Fleurieu Tour in the Ford
‘They want to go to Morialta and see the koalas,’ my husband said.
‘But Morialta’s in the opposite direction,’ I said, ‘surely they can go another day. Anyway, what if I take them to Kuitpo, then we can still go to Sellicks beach and they’ll see some wildlife, perhaps even a koala.’
‘Good idea,’ was the reply.
With an overcast day, what better idea than to hike in Kuitpo forest. Being the sole-K responsible for the tour that day, I had the final say.
Our Swiss visitors seemed happy with my suggestion, and at 11am, we piled into the Ford station wagon for the tour down south and into the Fleurieu Peninsula. The way from Flagstaff Hill to Meadows via Clarendon is a pretty drive this time of year with all the leaves turning.
[Mt. Bold Dam]
On the way, I made an impromptu detour to Mt. Bold Reservoir. Hadn’t been there in years. The reservoir is one of Adelaide’s largest water catchments that supplies the southern suburbs.
We parked and began our walk along the rim of the dam.
‘Why is no one here?’ one of the Swiss visitors asked.
I shrugged. ‘Work day, I guess.’ I felt embarrassed that I’d taken them here to this rather tired and neglected place, that in the dull light looked so bland. Why did I take them here? I wondered.
‘It’s so quiet,’ another said. ‘I like quiet.’
[Native tree flowering]
We hiked to the other side of the valley to the swinging bridge. The hillside green with the abundance of native vegetation, chirped with bird-life. A blue wren was spotted, and a kookaburra laughed.
We advanced on the swinging bridge anticipating the steep climb of the steps returning to the carpark. A gate barred our way with a sign: No Entry beyond this point.
I pointed at the bank opposite. ‘There’s been a landslide. The path to the steps has been washed away from the floods last year.’ I remembered the over-flowing of Mt. Bold’s dam, and hearing about the crowds of sightseers then, coming to view the water gushing over the reservoir.
[Water from Dam]
Onwards we drove to Meadows. 12.30pm and time for lunch. We stopped at a bakery in Meadows and treated ourselves to meat pies. Switzerland doesn’t have meat pies and so the Swiss visitors take every opportunity to eat this Aussie icon. Given, we’d driven in a Ford rather than a Holden car, the Swiss visitors wanted to savour the Australian experience. After eating their pies in Meadows, they hoped to spot a kangaroo at Kuitpo. For two of them, the plan was to attend the Adelaide-Essendon football match at Adelaide Oval on Saturday night.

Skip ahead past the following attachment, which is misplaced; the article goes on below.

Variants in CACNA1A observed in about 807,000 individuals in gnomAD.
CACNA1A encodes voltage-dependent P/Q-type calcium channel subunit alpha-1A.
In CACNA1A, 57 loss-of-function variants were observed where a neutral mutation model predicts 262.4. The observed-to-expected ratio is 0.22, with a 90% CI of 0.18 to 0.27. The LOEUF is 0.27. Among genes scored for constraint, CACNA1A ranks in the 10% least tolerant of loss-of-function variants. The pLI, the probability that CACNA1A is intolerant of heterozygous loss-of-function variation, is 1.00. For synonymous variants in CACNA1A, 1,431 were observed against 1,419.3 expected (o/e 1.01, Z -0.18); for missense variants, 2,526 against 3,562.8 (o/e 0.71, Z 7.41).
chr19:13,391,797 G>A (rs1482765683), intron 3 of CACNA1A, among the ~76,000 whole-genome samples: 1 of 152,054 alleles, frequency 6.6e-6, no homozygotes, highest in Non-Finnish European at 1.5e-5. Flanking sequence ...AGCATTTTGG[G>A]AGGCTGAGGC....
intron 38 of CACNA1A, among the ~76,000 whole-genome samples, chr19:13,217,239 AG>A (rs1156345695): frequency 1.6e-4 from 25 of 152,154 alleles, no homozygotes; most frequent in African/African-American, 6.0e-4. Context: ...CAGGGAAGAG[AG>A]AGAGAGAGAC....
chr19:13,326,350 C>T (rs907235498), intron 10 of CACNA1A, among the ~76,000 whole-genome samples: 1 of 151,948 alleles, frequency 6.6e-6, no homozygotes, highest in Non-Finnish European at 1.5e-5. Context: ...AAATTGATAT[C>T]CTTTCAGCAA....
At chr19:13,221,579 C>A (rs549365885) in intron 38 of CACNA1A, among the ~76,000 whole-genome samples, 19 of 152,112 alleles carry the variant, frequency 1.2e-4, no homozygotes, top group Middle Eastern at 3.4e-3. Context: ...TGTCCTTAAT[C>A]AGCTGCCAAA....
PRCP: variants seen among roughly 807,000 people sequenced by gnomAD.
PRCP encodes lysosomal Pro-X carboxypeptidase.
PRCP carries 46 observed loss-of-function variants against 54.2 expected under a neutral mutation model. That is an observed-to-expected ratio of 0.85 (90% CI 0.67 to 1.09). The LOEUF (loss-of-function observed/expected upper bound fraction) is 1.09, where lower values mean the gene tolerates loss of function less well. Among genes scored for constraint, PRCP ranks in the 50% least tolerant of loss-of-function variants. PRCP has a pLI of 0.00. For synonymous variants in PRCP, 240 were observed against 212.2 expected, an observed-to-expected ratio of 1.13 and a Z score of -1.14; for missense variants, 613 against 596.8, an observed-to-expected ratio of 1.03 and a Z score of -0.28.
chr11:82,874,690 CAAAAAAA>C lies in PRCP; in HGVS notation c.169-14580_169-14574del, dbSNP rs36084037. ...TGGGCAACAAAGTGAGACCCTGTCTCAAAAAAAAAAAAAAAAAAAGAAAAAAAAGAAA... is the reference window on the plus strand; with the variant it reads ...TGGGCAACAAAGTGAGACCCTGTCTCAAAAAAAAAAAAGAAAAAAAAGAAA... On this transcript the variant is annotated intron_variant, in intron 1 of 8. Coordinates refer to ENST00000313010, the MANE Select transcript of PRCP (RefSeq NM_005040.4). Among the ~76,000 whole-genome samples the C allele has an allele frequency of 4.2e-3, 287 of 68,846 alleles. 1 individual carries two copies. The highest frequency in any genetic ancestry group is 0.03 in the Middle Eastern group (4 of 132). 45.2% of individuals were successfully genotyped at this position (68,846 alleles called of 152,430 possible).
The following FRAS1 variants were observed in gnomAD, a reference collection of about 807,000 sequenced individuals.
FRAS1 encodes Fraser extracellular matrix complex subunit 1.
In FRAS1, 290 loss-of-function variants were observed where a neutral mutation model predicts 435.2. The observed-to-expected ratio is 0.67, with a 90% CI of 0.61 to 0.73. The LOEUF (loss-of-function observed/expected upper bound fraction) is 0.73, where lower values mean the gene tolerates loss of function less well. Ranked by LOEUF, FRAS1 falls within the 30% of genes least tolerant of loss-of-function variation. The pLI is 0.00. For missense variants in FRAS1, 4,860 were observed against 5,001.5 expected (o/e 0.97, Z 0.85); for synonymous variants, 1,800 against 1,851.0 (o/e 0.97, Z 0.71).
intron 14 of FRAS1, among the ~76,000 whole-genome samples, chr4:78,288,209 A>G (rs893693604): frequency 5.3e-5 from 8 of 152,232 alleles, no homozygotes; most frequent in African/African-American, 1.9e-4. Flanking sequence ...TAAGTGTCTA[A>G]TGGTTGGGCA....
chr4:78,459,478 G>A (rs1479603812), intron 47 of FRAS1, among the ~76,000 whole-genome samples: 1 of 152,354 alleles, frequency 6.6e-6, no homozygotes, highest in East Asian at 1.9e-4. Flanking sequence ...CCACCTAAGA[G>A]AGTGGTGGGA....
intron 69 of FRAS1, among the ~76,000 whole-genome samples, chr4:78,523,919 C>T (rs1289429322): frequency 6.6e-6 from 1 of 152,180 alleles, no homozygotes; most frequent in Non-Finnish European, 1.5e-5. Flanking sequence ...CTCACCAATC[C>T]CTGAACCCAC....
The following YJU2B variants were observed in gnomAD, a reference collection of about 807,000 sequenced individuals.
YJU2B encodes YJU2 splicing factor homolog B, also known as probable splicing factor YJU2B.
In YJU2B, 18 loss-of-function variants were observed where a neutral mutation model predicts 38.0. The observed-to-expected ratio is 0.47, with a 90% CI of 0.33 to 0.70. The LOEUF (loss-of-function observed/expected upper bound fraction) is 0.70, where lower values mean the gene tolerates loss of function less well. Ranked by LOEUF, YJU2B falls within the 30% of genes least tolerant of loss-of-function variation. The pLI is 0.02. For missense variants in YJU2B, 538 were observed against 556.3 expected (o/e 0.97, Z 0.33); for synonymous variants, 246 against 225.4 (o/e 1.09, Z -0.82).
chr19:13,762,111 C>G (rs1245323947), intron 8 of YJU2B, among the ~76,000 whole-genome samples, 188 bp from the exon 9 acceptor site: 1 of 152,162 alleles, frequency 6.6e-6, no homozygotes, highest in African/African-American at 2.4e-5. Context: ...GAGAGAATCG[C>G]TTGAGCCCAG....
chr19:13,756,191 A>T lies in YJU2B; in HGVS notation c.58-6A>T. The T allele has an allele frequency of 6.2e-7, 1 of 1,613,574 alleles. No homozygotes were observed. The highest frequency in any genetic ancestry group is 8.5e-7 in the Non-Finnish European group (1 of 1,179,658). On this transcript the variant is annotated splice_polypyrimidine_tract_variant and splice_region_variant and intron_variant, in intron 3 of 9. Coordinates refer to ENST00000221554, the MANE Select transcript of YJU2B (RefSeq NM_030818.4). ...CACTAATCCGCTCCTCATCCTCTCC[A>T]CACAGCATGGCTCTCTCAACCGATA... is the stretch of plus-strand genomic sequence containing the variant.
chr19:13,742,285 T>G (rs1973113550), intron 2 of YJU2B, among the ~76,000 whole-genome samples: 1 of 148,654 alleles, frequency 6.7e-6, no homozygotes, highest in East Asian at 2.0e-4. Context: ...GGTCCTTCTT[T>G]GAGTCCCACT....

So, football, meat pies and kangaroos…
[Kuitpo Native Forest]
On the way to Kuitpo, joy as kangaroos were detected bounding in farmland. Then the hunt for koalas began in Kuitpo forest. We took an hour to walk through the eucalypt bushland near Chookarloo Camping Ground. Koalas, if there were any, remained hidden. Mating season over, cold day, and these marsupials preferred to hide in lofty gum trees, getting high on eucalyptus leaves and sleeping. The Swiss visitors then set their hopes on seeing koalas in the wild at Morialta. Perhaps Morialta koalas are more sociable.
Parrots chatted and fluttered from tree to tree as we walked through the forest. On our return to the car, kookaburras laughed and then one swooped over the grass. With a lizard for lunch, it disappeared into the forest.
We jumped into the Ford and set off for Sellicks beach. We passed McLaren Vale wineries. Someone suggested more wine-tasting. I gave them the option—wine-tasting or beach; can’t do both, time was running out. They decided on the beach.
[Sellicks Beach high tide]
Upon arrival at Sellicks beach, after parking in a carpark above the beach, I opened up the hatch of the wagon and prepared tea and coffee for the visitors. One remarked that the back of the station wagon made a nice kitchen.
With hot drink to keep us warm on this cool day, we admired the rugged cliffs and the waves crashing against the rocks.
‘What? Waves against the rocks? I’d never seen the tide at Sellicks beach so high,’ I remarked. ‘Must be the pull of the full moon; an extra high tide.’
[Two by two, Sellicks Beach]
The Swiss visitors knew no better and continued to enjoy the seascape.
I explained, ‘Usually, cars can drive on the beach. See the ramp? Not today, though. They’d have to drive through water to get on the beach, and that wouldn’t be safe.’
We didn’t venture too far by foot along the beach. Instead, we drank our beverages, then took photos of the brooding sea, clouds and russet cliffs.
[Ramp to Beach, Sellicks Beach south to cliffs]
Before heading home, I showed the visitors “The Pebble House” that presides over the Sellicks beach. The house had an art gallery and a note to ring the doorbell.
I rang the bell.
The artist, Alie Beck, answered and led us up the stairs to her small gallery. Well worth a visit with the gallery offering for sale a variety of paintings, sculptures and handcrafted souvenirs created by the artist. She explained that some of the works are painted on slate sourced from the Willunga quarry.
For one of my Swiss visitors, the gallery visit was fruitful as they found just the right gift to take home; a perfect end to the afternoon foray in the Ford down the Fleurieu.
© Lee-Anne Marie Kling 2017
All Photos in this article on the Fleurieu © Lee-Anne Marie Kling 2017
Feature: In Search of Kangaroos and Koalas, Kuitpo Forest